(adsbygoogle = window.adsbygoogle || []).push({}); 1. The problem statement, all variables and given/known data

Find the term with the specified power in the expansion of the given binomial power.

[tex]

\left( {x^3 + y^2 } \right)^{42} ,\,\,\,\,\,y^{15}

[/tex]

2. Relevant equations

[tex]{\rm{term}} = \frac{{n!}}{{r!\left( {n - r} \right)!}}x^{n - r} y^r [/tex]

3. The attempt at a solution

[tex]\begin{array}{l}

{\rm{term}} = \frac{{42!}}{{15!\left( {42 - 15} \right)!}}x^{3 \cdot \left( {42 - 15} \right)} y^{2 \cdot 15} \\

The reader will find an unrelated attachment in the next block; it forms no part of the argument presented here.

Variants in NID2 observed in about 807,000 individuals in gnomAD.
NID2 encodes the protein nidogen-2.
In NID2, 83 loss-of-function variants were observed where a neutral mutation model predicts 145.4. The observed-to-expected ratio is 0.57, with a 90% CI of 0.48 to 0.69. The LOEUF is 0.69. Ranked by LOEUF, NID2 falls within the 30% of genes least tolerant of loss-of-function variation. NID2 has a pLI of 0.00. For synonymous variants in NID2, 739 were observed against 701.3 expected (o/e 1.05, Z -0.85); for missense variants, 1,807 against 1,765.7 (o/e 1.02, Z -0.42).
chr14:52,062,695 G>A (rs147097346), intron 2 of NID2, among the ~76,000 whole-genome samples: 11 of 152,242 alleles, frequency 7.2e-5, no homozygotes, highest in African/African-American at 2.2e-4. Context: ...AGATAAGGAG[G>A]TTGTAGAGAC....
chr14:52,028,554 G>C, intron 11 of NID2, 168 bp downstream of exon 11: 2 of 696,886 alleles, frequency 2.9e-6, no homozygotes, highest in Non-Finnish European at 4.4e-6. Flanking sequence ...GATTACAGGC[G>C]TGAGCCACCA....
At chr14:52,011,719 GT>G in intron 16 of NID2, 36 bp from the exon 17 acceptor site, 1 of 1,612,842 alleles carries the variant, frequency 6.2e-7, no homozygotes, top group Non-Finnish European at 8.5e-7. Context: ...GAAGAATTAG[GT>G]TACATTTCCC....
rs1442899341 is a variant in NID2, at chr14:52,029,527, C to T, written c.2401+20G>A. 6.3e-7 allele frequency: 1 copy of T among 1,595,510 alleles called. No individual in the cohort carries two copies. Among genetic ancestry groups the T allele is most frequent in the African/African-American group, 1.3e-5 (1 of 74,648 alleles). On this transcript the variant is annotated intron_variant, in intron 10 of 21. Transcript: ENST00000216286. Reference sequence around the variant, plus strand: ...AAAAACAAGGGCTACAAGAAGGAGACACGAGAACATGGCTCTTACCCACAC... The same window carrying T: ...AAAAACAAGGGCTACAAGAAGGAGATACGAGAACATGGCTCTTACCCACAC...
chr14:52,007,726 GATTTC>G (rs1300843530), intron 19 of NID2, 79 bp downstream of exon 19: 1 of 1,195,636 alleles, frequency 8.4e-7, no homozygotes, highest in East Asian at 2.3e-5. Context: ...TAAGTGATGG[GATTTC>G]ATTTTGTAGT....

\\

{\rm{term}} = \frac{{42!}}{{15!\left( {27} \right)!}}x^{81} y^{30} \\

{\rm{term}} = {\rm{98672427616}}\,x^{81} y^{30} \\

\end{array}

[/tex]

The back of the book says no such term exists. Why? Is it because x has an exponent that is higher than n? x^3 doesn't have a higher exponent, and I thought that's all that mattered.

Also, is there a way of simplifying that factorial so I don't have to rely completely on the calculator to solve? Thanks!

1. The problem statement, all variables and given/known data

2. Relevant equations

3. The attempt at a solution

**Physics Forums - The Fusion of Science and Community**

# Binomial formula

Know someone interested in this topic? Share a link to this question via email,
Google+,
Twitter, or
Facebook

Have something to add?

- Similar discussions for: Binomial formula

Loading...

**Physics Forums - The Fusion of Science and Community**